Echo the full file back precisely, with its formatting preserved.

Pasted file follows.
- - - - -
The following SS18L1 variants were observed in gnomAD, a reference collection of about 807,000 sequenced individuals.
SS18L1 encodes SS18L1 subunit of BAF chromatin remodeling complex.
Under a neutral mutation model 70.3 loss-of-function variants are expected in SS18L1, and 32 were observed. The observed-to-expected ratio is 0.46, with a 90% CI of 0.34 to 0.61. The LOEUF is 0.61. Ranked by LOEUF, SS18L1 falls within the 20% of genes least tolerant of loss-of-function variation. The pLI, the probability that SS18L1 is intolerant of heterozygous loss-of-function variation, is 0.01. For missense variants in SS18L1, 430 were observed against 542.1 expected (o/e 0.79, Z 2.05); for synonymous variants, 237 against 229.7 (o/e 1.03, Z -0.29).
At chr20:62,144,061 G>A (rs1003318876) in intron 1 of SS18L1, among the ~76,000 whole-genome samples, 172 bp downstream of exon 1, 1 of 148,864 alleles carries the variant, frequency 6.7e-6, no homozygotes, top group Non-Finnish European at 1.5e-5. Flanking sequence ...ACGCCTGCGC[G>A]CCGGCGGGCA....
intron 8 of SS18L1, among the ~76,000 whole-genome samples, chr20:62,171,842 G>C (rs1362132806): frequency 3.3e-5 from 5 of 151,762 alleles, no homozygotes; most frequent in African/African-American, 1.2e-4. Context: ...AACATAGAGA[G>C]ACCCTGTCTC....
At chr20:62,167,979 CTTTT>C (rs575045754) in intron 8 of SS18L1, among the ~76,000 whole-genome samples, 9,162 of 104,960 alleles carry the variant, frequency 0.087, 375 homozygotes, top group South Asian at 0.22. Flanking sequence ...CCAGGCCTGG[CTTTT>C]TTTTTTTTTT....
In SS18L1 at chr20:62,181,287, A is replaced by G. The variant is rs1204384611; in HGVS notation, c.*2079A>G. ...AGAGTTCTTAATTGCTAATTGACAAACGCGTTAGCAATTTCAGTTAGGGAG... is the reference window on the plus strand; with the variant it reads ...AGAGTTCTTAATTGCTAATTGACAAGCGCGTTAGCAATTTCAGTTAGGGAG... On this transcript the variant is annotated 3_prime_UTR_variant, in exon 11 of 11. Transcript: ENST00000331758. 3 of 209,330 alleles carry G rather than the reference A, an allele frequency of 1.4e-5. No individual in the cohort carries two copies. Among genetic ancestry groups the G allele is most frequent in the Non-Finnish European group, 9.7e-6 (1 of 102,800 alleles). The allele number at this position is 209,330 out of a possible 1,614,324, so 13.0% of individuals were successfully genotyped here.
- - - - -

The following SS18L1 variants were observed in gnomAD, a reference collection of about 807,000 sequenced individuals.
SS18L1 encodes SS18L1 subunit of BAF chromatin remodeling complex.
Under a neutral mutation model 70.3 loss-of-function variants are expected in SS18L1, and 32 were observed. The observed-to-expected ratio is 0.46, with a 90% CI of 0.34 to 0.61. The LOEUF is 0.61. Ranked by LOEUF, SS18L1 falls within the 20% of genes least tolerant of loss-of-function variation. The pLI, the probability that SS18L1 is intolerant of heterozygous loss-of-function variation, is 0.01. For missense variants in SS18L1, 430 were observed against 542.1 expected (o/e 0.79, Z 2.05); for synonymous variants, 237 against 229.7 (o/e 1.03, Z -0.29).
At chr20:62,144,061 G>A (rs1003318876) in intron 1 of SS18L1, among the ~76,000 whole-genome samples, 172 bp downstream of exon 1, 1 of 148,864 alleles carries the variant, frequency 6.7e-6, no homozygotes, top group Non-Finnish European at 1.5e-5. Flanking sequence ...ACGCCTGCGC[G>A]CCGGCGGGCA....
intron 8 of SS18L1, among the ~76,000 whole-genome samples, chr20:62,171,842 G>C (rs1362132806): frequency 3.3e-5 from 5 of 151,762 alleles, no homozygotes; most frequent in African/African-American, 1.2e-4. Context: ...AACATAGAGA[G>C]ACCCTGTCTC....
At chr20:62,167,979 CTTTT>C (rs575045754) in intron 8 of SS18L1, among the ~76,000 whole-genome samples, 9,162 of 104,960 alleles carry the variant, frequency 0.087, 375 homozygotes, top group South Asian at 0.22. Flanking sequence ...CCAGGCCTGG[CTTTT>C]TTTTTTTTTT....
In SS18L1 at chr20:62,181,287, A is replaced by G. The variant is rs1204384611; in HGVS notation, c.*2079A>G. ...AGAGTTCTTAATTGCTAATTGACAAACGCGTTAGCAATTTCAGTTAGGGAG... is the reference window on the plus strand; with the variant it reads ...AGAGTTCTTAATTGCTAATTGACAAGCGCGTTAGCAATTTCAGTTAGGGAG... On this transcript the variant is annotated 3_prime_UTR_variant, in exon 11 of 11. Transcript: ENST00000331758. 3 of 209,330 alleles carry G rather than the reference A, an allele frequency of 1.4e-5. No individual in the cohort carries two copies. Among genetic ancestry groups the G allele is most frequent in the Non-Finnish European group, 9.7e-6 (1 of 102,800 alleles). The allele number at this position is 209,330 out of a possible 1,614,324, so 13.0% of individuals were successfully genotyped here.